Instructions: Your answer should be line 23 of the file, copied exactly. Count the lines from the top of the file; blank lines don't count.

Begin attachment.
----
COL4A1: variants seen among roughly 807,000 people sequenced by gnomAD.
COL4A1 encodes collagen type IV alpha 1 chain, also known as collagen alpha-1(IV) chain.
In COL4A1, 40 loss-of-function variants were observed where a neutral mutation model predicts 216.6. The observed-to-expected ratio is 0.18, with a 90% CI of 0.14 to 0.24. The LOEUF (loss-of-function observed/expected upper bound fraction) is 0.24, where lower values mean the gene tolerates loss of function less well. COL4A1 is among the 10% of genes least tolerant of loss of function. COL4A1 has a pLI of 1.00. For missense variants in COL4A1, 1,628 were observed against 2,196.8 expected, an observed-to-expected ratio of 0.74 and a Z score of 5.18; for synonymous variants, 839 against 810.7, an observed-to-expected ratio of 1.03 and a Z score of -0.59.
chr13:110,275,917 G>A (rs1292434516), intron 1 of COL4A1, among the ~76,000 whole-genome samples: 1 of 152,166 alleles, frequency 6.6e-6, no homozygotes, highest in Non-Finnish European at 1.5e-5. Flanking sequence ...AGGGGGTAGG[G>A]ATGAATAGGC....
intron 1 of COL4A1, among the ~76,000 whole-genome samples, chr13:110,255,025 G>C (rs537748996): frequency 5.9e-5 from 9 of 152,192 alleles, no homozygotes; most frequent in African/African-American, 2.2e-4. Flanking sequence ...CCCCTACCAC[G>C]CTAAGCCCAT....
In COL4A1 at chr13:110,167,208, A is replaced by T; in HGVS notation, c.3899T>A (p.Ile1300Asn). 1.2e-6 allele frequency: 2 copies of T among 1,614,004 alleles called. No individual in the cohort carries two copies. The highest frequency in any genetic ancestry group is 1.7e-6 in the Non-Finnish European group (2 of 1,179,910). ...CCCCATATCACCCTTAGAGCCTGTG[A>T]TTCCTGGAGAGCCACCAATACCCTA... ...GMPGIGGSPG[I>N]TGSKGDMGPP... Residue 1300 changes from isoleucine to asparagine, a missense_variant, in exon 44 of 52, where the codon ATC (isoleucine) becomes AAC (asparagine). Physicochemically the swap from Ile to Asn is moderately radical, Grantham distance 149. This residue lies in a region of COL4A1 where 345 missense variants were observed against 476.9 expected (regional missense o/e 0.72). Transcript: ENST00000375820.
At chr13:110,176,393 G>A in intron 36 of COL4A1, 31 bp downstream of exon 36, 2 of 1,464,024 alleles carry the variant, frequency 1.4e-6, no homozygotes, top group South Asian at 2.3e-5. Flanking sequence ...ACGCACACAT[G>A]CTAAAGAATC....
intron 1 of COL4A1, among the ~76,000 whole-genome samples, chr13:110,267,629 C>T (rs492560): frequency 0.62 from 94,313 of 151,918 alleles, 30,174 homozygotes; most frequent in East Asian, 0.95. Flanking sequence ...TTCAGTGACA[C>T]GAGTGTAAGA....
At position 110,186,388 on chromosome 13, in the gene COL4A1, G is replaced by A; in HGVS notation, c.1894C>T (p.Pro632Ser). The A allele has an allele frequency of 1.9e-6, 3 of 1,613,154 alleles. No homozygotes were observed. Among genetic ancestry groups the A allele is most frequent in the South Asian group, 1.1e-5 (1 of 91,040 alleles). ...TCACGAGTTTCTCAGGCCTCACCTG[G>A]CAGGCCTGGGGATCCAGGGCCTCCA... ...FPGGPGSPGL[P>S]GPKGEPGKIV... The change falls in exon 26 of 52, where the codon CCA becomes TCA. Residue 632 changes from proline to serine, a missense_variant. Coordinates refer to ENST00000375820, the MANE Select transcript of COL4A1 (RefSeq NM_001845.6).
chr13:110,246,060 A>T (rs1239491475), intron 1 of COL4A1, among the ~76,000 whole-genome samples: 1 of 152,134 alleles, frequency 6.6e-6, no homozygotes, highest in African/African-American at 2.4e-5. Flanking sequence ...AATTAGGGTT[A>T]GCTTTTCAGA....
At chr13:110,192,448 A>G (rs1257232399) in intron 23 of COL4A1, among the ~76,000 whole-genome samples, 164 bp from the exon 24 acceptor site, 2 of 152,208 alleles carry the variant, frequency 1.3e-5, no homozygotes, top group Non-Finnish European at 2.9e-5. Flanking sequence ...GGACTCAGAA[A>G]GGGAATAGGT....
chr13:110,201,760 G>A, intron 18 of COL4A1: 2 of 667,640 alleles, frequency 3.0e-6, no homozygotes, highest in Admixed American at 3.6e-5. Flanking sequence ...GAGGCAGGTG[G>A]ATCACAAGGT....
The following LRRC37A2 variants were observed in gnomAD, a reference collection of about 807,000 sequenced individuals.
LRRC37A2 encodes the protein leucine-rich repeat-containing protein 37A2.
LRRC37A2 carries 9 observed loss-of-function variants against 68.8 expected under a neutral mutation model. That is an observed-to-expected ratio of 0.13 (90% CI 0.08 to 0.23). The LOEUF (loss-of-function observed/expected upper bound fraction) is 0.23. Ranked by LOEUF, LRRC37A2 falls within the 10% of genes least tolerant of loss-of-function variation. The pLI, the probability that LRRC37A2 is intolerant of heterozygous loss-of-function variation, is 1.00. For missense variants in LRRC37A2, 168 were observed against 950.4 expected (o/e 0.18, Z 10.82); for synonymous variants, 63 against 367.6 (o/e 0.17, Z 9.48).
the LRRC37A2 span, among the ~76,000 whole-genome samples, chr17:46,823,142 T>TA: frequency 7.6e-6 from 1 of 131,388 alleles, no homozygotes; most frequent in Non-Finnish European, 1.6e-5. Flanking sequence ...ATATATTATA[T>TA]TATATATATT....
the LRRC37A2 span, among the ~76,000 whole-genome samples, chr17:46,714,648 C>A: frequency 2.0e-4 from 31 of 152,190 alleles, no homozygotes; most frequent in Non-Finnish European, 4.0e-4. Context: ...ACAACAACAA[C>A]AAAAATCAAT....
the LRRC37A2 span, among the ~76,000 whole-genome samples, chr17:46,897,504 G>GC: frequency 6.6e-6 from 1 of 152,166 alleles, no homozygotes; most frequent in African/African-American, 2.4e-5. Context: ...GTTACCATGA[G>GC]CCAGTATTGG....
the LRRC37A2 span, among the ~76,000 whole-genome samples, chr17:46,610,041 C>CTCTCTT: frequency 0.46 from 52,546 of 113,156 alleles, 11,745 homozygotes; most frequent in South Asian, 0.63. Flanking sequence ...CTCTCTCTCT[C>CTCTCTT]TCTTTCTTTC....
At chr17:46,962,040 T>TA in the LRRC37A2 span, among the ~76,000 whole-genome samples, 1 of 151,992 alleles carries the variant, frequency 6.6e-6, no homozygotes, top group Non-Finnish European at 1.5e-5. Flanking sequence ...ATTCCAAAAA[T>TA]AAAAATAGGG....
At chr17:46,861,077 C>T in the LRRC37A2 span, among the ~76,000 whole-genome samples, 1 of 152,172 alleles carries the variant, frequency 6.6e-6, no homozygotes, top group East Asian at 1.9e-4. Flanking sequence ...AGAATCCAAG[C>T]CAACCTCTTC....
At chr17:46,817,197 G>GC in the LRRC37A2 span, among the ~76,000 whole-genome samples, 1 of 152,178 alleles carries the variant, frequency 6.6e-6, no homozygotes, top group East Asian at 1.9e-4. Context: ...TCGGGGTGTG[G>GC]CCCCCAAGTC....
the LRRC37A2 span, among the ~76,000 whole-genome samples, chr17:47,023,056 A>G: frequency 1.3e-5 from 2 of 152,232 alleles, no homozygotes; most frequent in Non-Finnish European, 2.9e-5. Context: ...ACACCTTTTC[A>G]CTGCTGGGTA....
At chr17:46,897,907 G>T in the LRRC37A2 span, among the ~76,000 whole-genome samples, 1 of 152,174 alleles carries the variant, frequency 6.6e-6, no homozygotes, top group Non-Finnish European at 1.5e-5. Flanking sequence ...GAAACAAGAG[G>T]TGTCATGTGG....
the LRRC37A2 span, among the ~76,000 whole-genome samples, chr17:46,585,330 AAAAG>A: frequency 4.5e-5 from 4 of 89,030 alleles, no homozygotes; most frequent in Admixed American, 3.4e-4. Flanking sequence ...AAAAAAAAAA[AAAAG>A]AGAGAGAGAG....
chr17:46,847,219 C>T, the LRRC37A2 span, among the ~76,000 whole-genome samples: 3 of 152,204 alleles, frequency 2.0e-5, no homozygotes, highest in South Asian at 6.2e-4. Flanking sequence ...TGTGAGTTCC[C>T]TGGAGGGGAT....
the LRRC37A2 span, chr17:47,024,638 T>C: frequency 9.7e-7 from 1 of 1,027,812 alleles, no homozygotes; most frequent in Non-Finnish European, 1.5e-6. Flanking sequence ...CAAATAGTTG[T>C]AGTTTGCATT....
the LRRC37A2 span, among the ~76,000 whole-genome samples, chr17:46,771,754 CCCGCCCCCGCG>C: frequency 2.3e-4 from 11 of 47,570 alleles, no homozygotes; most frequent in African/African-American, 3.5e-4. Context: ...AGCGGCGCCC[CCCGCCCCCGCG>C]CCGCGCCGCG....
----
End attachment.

the LRRC37A2 span, among the ~76,000 whole-genome samples, chr17:47,023,056 A>G: frequency 1.3e-5 from 2 of 152,232 alleles, no homozygotes; most frequent in Non-Finnish European, 2.9e-5. Context: ...ACACCTTTTC[A>G]CTGCTGGGTA....